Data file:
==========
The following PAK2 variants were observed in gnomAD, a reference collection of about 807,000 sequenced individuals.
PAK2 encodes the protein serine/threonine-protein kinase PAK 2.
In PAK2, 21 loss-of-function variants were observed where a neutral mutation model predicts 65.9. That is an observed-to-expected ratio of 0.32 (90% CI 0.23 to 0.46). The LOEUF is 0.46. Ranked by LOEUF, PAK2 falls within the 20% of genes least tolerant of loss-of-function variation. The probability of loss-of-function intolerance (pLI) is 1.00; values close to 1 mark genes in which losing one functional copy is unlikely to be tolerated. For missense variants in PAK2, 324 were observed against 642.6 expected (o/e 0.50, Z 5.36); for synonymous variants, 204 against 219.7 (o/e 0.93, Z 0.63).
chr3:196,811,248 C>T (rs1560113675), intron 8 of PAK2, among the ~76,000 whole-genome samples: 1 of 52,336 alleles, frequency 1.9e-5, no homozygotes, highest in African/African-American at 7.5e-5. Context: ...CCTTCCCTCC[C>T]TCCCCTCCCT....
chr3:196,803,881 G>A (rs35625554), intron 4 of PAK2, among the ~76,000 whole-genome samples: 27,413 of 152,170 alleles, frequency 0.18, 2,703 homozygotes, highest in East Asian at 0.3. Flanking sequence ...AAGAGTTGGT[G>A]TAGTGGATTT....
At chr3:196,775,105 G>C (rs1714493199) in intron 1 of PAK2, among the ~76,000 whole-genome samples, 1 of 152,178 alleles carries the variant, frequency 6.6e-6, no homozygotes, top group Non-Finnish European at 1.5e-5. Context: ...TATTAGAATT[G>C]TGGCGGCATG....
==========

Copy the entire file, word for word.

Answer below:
The following PAK2 variants were observed in gnomAD, a reference collection of about 807,000 sequenced individuals.
PAK2 encodes the protein serine/threonine-protein kinase PAK 2.
In PAK2, 21 loss-of-function variants were observed where a neutral mutation model predicts 65.9. That is an observed-to-expected ratio of 0.32 (90% CI 0.23 to 0.46). The LOEUF is 0.46. Ranked by LOEUF, PAK2 falls within the 20% of genes least tolerant of loss-of-function variation. The probability of loss-of-function intolerance (pLI) is 1.00; values close to 1 mark genes in which losing one functional copy is unlikely to be tolerated. For missense variants in PAK2, 324 were observed against 642.6 expected (o/e 0.50, Z 5.36); for synonymous variants, 204 against 219.7 (o/e 0.93, Z 0.63).
chr3:196,811,248 C>T (rs1560113675), intron 8 of PAK2, among the ~76,000 whole-genome samples: 1 of 52,336 alleles, frequency 1.9e-5, no homozygotes, highest in African/African-American at 7.5e-5. Context: ...CCTTCCCTCC[C>T]TCCCCTCCCT....
chr3:196,803,881 G>A (rs35625554), intron 4 of PAK2, among the ~76,000 whole-genome samples: 27,413 of 152,170 alleles, frequency 0.18, 2,703 homozygotes, highest in East Asian at 0.3. Flanking sequence ...AAGAGTTGGT[G>A]TAGTGGATTT....
At chr3:196,775,105 G>C (rs1714493199) in intron 1 of PAK2, among the ~76,000 whole-genome samples, 1 of 152,178 alleles carries the variant, frequency 6.6e-6, no homozygotes, top group Non-Finnish European at 1.5e-5. Context: ...TATTAGAATT[G>C]TGGCGGCATG....